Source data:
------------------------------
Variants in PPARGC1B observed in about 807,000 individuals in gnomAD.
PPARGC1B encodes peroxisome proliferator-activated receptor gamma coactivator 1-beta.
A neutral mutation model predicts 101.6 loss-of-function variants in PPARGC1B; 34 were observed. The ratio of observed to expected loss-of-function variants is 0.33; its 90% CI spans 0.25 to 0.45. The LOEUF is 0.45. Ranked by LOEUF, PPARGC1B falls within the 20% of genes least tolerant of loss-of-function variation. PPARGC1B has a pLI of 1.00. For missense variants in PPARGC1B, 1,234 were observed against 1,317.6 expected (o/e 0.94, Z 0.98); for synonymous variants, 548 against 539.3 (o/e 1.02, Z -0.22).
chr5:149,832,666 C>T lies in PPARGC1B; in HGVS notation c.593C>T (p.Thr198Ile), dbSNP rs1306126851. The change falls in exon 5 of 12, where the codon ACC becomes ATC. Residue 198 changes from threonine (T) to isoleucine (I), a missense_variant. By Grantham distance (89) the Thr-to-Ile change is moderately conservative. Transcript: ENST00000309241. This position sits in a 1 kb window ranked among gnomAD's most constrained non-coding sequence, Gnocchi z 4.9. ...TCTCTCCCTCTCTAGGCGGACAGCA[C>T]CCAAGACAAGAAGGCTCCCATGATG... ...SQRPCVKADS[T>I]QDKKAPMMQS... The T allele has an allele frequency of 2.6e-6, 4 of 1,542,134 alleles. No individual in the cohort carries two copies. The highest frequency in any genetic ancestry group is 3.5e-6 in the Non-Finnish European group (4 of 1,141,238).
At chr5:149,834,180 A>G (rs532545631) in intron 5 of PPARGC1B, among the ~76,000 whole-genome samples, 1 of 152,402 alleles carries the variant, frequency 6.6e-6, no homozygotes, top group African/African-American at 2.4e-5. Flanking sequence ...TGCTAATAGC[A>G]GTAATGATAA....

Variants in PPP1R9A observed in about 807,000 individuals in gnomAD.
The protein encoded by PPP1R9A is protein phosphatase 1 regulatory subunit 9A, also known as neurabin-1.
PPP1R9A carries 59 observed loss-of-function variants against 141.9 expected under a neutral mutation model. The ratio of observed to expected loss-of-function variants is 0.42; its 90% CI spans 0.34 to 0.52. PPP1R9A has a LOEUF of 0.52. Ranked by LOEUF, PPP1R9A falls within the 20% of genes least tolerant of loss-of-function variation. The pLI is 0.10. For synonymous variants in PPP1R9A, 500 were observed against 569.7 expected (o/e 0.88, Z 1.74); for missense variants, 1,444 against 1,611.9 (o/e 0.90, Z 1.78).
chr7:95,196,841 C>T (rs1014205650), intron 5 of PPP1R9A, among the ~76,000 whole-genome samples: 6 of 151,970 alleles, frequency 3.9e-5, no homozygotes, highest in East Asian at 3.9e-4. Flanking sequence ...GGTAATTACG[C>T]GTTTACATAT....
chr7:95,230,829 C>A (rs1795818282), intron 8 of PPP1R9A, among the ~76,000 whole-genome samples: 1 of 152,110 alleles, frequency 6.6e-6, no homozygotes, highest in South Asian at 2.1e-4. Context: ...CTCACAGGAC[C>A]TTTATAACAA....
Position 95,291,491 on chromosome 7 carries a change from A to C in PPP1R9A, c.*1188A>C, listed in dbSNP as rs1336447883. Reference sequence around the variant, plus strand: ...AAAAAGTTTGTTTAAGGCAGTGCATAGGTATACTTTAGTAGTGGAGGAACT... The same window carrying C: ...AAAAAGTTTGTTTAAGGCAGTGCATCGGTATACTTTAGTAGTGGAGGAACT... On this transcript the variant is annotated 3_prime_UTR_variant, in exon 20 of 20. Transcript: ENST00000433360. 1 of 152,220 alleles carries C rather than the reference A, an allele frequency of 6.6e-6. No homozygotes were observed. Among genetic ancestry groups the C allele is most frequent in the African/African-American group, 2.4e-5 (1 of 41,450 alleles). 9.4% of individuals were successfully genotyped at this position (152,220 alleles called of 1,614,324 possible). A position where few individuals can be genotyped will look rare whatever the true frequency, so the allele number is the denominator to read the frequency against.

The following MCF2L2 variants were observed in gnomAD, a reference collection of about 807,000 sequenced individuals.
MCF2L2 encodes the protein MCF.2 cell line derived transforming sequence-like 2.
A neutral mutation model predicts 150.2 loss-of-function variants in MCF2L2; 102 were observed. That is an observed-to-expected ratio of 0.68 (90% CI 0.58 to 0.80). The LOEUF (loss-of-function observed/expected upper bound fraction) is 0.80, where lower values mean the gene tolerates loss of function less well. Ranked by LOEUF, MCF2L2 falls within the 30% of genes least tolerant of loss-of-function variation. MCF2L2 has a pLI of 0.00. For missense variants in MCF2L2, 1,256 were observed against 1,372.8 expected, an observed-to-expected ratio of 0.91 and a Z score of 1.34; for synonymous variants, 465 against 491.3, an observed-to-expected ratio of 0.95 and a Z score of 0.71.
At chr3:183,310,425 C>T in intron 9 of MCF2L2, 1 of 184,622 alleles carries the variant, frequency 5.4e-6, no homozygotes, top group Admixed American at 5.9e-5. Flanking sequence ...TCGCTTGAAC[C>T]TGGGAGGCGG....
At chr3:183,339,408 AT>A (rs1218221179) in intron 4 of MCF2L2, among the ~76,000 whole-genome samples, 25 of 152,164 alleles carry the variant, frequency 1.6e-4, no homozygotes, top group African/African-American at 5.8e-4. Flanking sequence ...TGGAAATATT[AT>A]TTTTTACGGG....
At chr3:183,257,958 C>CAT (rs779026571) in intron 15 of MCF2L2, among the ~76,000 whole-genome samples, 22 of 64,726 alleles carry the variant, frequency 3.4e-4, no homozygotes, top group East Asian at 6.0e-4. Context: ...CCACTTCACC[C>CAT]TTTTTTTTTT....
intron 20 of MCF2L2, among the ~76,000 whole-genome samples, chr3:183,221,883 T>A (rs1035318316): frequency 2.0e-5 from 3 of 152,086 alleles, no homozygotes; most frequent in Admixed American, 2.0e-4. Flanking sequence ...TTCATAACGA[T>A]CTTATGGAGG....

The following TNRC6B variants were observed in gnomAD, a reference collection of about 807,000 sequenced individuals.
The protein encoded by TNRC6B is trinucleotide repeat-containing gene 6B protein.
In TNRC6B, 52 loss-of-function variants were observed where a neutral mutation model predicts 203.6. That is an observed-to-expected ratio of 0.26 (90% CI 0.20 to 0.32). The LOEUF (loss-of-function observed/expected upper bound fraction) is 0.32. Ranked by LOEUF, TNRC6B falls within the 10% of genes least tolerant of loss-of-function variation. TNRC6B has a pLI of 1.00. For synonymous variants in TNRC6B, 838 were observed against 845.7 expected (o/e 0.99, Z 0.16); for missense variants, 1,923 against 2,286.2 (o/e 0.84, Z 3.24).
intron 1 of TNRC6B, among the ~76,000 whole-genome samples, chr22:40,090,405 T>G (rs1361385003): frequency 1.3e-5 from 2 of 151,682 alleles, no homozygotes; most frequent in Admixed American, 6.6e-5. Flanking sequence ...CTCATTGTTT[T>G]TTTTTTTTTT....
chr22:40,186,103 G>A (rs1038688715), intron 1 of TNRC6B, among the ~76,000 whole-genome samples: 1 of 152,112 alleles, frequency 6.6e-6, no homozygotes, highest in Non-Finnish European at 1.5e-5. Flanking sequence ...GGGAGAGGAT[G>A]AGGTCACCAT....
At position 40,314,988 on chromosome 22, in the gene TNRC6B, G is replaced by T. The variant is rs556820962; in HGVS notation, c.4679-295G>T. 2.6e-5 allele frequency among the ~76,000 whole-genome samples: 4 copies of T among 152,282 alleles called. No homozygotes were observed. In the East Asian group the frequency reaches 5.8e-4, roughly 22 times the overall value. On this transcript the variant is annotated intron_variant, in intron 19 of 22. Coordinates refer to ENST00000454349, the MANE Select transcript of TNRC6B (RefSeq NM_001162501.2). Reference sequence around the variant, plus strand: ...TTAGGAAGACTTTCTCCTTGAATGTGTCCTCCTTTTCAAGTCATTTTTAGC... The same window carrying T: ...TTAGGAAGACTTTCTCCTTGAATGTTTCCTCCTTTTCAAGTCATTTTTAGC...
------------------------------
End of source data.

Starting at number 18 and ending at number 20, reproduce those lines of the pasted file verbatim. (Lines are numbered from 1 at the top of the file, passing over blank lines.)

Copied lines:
intron 20 of MCF2L2, among the ~76,000 whole-genome samples, chr3:183,221,883 T>A (rs1035318316): frequency 2.0e-5 from 3 of 152,086 alleles, no homozygotes; most frequent in Admixed American, 2.0e-4. Flanking sequence ...TTCATAACGA[T>A]CTTATGGAGG....

The following TNRC6B variants were observed in gnomAD, a reference collection of about 807,000 sequenced individuals.
The protein encoded by TNRC6B is trinucleotide repeat-containing gene 6B protein.